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Genting move on Crystal not a conflict, 'healthier' for luxury sector, UBS says

Genting move on Crystal not a conflict, 'healthier' for luxury sector, UBS says
In Genting Hong Kong's plan to acquire Crystal Cruises, some investors may question if there is a conflict of interest with one of Norwegian Cruise Line Holdings' largest owners buying a competitor to NCLH's Regent Seven Seas Cruises.

UBS Investment Research doesn't see it that way and, in a note, expressed the potential positives for the luxury sector industry-wide.

'We believe Crystal was known to be for sale and others in the industry may have had the opportunity to consider a purchase of the brand,' UBS analyst Robin Farley said. 'We believe it'll also make for a healthier competitive environment to now have three of the four luxury brands owned by public companies that view such assets as a business that needs to make money rather than a trophy property.'

Farley said that is also marginally positive for Carnival Corp. & plc, whose Seabourn brand is one the four luxury players.

UBS put Crystal's EBITDA per berth in 2013 at a loss of $160,000 per berth, while for NCLH's Prestige Cruises, which includes upper premium brand Oceania Cruises as well as Regent, EBITDA was $386,000 per berth in the year ending September 2013. Crystal grew EBITDA per berth to $198,000 in 2014, while Prestige did not report full-year 2014 figures.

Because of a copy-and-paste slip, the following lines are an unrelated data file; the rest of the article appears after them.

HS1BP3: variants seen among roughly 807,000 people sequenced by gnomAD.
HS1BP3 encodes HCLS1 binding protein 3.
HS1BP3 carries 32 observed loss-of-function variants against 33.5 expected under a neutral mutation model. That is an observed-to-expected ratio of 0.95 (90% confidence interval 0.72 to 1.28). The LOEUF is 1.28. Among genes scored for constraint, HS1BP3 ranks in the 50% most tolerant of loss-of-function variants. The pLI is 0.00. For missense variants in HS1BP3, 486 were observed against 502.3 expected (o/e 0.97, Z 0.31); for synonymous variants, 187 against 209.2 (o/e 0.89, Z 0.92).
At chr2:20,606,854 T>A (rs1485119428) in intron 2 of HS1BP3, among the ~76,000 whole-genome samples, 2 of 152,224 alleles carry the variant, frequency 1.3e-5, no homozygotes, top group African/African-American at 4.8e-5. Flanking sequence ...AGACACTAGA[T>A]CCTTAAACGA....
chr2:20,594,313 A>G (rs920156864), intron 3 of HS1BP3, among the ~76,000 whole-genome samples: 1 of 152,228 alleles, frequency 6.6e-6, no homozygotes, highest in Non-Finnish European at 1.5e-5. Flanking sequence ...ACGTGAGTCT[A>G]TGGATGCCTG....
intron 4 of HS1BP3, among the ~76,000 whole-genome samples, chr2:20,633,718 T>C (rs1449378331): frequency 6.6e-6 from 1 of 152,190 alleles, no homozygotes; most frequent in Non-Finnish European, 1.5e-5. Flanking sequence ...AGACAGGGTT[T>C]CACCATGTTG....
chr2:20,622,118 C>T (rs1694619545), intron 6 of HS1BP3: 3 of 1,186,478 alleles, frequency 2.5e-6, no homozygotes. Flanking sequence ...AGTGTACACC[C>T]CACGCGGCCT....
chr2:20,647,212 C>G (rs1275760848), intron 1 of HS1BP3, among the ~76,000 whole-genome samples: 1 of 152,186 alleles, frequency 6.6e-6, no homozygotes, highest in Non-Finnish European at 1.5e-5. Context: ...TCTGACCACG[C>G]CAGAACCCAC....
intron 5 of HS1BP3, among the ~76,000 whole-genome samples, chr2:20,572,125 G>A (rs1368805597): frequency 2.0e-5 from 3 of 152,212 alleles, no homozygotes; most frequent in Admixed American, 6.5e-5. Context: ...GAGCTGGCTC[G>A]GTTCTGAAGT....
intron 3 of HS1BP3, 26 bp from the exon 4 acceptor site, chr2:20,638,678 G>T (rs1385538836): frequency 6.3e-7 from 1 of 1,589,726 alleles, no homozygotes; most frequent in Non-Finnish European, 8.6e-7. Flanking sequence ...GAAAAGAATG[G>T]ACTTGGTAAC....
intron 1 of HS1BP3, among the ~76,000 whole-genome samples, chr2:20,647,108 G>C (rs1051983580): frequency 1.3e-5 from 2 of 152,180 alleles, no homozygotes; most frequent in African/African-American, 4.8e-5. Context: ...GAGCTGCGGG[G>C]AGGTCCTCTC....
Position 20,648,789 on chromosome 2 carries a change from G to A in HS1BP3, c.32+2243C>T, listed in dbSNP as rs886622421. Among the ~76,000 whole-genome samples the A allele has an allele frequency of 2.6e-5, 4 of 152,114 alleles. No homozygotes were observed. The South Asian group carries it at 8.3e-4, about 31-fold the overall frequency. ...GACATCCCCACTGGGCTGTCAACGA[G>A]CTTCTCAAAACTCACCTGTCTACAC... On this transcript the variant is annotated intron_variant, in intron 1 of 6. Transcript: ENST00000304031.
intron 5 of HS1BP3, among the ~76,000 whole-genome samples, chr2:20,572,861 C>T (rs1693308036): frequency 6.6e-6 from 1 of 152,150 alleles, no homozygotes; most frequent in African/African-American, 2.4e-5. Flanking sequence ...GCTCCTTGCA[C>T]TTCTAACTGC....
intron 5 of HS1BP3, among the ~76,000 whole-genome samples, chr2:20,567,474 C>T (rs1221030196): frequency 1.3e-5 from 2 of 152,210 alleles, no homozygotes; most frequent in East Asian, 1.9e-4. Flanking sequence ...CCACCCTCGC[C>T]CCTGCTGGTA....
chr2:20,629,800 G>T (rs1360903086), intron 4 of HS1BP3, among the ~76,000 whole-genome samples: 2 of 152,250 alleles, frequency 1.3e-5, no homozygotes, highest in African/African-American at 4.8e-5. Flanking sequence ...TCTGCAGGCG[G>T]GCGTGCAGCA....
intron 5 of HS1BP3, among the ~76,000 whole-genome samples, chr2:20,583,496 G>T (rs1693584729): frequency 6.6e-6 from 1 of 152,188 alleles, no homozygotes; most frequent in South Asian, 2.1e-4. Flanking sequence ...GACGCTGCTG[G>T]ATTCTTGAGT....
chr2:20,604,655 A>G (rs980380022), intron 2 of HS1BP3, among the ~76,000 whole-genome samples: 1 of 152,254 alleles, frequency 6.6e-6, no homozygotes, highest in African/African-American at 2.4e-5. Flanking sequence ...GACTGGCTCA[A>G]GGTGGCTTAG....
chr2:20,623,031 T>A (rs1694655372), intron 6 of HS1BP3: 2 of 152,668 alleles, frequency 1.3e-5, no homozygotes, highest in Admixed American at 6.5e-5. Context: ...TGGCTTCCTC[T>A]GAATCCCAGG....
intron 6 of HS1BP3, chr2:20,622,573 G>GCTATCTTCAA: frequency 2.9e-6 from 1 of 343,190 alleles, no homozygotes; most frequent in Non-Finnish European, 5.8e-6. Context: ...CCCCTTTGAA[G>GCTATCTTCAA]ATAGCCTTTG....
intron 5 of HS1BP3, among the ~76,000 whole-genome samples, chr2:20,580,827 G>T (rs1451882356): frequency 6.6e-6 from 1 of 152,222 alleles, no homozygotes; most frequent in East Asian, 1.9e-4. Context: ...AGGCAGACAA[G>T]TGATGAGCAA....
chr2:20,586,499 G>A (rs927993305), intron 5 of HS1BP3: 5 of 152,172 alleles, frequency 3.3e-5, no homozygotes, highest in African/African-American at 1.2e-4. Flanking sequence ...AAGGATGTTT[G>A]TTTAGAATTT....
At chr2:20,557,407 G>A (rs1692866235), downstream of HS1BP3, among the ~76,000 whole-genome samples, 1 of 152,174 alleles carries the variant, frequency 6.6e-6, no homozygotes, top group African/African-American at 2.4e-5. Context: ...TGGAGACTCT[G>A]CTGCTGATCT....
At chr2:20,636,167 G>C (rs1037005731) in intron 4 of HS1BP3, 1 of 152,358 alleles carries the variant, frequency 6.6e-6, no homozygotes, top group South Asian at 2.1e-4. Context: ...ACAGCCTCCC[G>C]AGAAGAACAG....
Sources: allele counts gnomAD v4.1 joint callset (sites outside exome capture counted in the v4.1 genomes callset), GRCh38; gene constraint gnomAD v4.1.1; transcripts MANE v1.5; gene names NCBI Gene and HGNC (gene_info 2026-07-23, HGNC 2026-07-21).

Genting HK's plans for Crystal are unclear apart from its stated intention to order a newbuild.

If Genting were to 'target the luxury brand to the Chinese market, for example, that could eventually help pave the way for other luxury brands in the Chinese market, also a potential positive for NCLH's Regent brand and CCL's Seabourn brand,' Farley said.

Genting HK remains NCLH's largest shareholder, with about a 25% stake, and last year signaled in might exit by getting shareholder approval, valid until May 2015, to sell its holding. But during last week's NCLH investor conference, management indicated Genting may renew the approval for another year.

As UBS noted today, NCLH authorized $500m in share repurchases last year but the brokerage thinks balance sheet constraints make that unlikely before the second half of this year, so perhaps a selling shareholder would want to wait until later in 2015 if NCLH could then buy a block, Farley said.

'We view this as a positive for the stock that any block share sale may be pushed further out,' she added.